Buy BHP Billiton plc And Rio Tinto plc For Your Retirement ISA

The ending of compulsory annuities for pensions means that many of us will stay invested in the stock market longer than we previously would have done. That has profound implications that are only gradually becoming apparent. For example,the sheer weight of baby-boomers’ wealth remaining in the equity markets, rather than being annuitised or ‘life-styled’ into gilts, should be a positive factor for share prices.

Another implication, I believe, is that it will encourage people to think about their investments over a longer time horizon. Even if you’re approaching or already in retirement, you could be holding stocks for decades.

On the horizon

There’s an analogy to be drawn with those industries which themselves make investment decisions over decade-long time horizons. Take miners such as BHP Billiton (LSE: BLT) (NYSE: BBL.US) and Rio Tinto (LSE: RIO) (NYSE: RIO.US). During the over-exuberant, cheap money-fuelled Greenspan Era, management pursued size over profitability.

The current agenda in the sector is to cut back on investment, sell non-core assets, cut operating costs and bump up shareholder returns. That’s especially pertinent for BHP and Rio, both of which are heavily dependent on iron ore. Declining consumption of steel in China means that supply of iron ore will outstrip demand this year. Iron ore prices have gone southward.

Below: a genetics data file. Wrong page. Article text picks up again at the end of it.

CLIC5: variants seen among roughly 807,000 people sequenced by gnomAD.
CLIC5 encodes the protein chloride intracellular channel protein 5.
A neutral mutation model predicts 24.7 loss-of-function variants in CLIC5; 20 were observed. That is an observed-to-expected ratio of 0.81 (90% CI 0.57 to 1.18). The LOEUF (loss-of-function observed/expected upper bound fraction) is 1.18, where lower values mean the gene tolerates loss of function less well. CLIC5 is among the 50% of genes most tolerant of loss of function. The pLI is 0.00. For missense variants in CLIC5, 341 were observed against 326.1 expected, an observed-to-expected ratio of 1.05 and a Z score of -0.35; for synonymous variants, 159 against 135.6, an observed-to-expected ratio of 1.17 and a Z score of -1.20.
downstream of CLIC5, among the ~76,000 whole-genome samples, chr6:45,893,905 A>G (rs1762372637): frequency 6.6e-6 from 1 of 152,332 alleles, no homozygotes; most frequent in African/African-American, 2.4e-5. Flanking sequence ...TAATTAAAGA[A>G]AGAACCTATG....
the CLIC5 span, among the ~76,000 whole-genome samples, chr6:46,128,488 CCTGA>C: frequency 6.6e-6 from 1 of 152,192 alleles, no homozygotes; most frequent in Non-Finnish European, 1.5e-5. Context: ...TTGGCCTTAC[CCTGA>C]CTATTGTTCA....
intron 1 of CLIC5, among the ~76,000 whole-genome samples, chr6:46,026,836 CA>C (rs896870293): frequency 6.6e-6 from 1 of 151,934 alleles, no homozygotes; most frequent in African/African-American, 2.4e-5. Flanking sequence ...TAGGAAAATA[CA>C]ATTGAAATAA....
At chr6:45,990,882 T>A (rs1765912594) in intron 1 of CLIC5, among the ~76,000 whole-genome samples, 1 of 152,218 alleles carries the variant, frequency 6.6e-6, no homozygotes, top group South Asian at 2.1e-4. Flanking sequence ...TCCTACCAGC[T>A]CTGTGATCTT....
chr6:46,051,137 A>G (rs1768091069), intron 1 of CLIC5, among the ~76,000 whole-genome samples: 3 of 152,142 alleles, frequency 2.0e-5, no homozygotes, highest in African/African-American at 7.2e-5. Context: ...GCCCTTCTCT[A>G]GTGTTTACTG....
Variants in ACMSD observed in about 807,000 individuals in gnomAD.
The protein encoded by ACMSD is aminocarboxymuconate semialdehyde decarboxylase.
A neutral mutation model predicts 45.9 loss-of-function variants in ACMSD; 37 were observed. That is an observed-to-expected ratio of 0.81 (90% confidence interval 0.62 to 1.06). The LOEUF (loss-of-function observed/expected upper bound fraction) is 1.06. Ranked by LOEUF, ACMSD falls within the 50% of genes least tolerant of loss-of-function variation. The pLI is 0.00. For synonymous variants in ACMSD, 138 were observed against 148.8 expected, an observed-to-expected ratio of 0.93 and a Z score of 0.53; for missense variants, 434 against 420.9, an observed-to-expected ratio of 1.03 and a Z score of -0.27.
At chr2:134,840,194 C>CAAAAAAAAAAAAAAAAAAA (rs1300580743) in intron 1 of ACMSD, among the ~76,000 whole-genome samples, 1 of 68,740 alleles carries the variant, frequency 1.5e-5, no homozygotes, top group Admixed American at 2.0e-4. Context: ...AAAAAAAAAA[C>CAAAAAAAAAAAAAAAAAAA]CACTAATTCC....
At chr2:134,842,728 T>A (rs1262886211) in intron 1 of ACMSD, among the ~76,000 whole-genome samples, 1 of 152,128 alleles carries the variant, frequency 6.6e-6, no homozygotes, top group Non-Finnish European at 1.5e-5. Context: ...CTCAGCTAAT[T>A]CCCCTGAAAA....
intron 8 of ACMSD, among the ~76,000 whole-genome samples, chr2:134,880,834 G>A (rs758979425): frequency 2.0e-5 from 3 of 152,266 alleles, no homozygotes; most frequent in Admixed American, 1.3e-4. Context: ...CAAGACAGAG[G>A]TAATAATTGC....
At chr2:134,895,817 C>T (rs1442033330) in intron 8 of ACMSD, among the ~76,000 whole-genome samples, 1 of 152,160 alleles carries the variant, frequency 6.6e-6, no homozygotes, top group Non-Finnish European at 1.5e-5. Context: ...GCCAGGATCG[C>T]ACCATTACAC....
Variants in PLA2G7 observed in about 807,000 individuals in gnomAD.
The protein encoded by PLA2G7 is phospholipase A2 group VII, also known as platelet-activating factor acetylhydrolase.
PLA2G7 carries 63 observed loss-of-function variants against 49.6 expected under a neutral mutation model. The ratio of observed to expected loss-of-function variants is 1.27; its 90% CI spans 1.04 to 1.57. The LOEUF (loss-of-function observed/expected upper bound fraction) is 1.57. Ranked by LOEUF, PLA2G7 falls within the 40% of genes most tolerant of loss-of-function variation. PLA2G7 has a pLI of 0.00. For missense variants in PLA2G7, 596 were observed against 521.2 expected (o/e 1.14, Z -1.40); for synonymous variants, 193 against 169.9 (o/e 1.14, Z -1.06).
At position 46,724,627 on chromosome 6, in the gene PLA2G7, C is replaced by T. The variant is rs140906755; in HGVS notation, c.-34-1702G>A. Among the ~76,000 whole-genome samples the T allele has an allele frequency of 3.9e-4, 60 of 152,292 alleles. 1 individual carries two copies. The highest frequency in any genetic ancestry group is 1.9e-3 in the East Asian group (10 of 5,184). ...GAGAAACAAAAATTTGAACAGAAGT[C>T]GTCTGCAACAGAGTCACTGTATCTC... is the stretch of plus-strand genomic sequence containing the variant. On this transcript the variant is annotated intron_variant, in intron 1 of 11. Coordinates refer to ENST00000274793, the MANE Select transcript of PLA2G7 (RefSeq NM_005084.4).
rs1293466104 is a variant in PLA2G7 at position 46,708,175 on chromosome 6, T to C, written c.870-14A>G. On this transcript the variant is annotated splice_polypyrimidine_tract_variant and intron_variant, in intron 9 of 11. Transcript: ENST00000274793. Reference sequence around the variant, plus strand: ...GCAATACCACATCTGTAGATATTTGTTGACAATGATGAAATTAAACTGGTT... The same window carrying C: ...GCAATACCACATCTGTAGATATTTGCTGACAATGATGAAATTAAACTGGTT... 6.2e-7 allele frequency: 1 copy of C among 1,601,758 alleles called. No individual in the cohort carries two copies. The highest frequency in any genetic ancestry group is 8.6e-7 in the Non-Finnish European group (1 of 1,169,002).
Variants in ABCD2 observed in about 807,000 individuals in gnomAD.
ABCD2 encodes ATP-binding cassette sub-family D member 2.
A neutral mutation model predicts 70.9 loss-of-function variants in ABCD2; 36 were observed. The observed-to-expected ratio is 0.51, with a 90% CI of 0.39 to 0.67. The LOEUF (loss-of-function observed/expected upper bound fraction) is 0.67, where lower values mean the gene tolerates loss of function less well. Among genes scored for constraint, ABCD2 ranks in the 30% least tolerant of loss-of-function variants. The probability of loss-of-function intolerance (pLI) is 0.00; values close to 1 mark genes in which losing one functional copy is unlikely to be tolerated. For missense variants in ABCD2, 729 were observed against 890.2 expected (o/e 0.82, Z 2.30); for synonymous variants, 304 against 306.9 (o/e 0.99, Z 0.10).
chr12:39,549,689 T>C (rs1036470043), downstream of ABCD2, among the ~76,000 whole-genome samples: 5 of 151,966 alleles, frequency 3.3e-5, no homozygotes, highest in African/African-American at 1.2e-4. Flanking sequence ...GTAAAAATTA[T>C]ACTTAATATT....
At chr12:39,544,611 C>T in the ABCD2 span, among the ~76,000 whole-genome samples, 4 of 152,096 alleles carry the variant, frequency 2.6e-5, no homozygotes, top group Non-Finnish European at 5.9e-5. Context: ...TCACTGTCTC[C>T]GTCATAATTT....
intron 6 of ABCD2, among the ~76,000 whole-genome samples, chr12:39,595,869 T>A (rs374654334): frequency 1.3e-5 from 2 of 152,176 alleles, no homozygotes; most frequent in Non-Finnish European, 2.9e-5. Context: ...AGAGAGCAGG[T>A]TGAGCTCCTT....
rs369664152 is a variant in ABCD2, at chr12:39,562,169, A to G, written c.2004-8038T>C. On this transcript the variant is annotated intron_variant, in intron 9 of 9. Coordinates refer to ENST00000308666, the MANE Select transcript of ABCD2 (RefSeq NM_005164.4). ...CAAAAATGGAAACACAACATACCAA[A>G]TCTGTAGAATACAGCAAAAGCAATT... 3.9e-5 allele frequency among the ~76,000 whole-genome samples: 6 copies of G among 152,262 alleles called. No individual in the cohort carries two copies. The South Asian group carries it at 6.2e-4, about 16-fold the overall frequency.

BHP is executing a ‘simplification’ strategy, with speculation that it might spin-off £12bn-worth of non-core businesses. The company talks of four core ‘pillars’ of iron ore, copper, coal and petroleum, with potash as a potential fifth. Its petroleum interests add a distinctive flavour to BHP’s investment case, whilst potash could become hugely important in a world where crop yields must improve to feed a growing population.

Rio has beaten its own efficiency targets, knocking over $2bn off operating costs and $1bn of exploration spending. Like BHP it’s a diversified miner but it’s even more reliant on iron ore, which contributed nearly 90% of last year’s earnings.

Carry on investing

But amidst all the talk of cuts, it’s important to remember that both companies continue to invest: developing mines is a multi-year, even multi-decade undertaking. Both are large-scale, low-cost producers with mines on the doorstep of the big Asian markets. When volumes do pick up, reduced costs will show through in bumper profits.

It’s the kind of long-term thinking that private investors can emulate – such as by buying the shares of BHP and Rio. They’re relatively cheap now because of the outlook for commodity prices, but if you buy them in the down-cycle you can enjoy the benefit when the cycle eventually turns.


There’s another big advantage to holding these stocks over a long period. Right now they’re yielding around 3.8%, a tad over the FTSE 100 average. If you reinvest those dividends over a long period, it can seriously boost your wealth. Over the past 25 years, about 60% of the total return from the FTSE All share Index has come from reinvested dividends.

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Tony owns shares in BHP and Rio.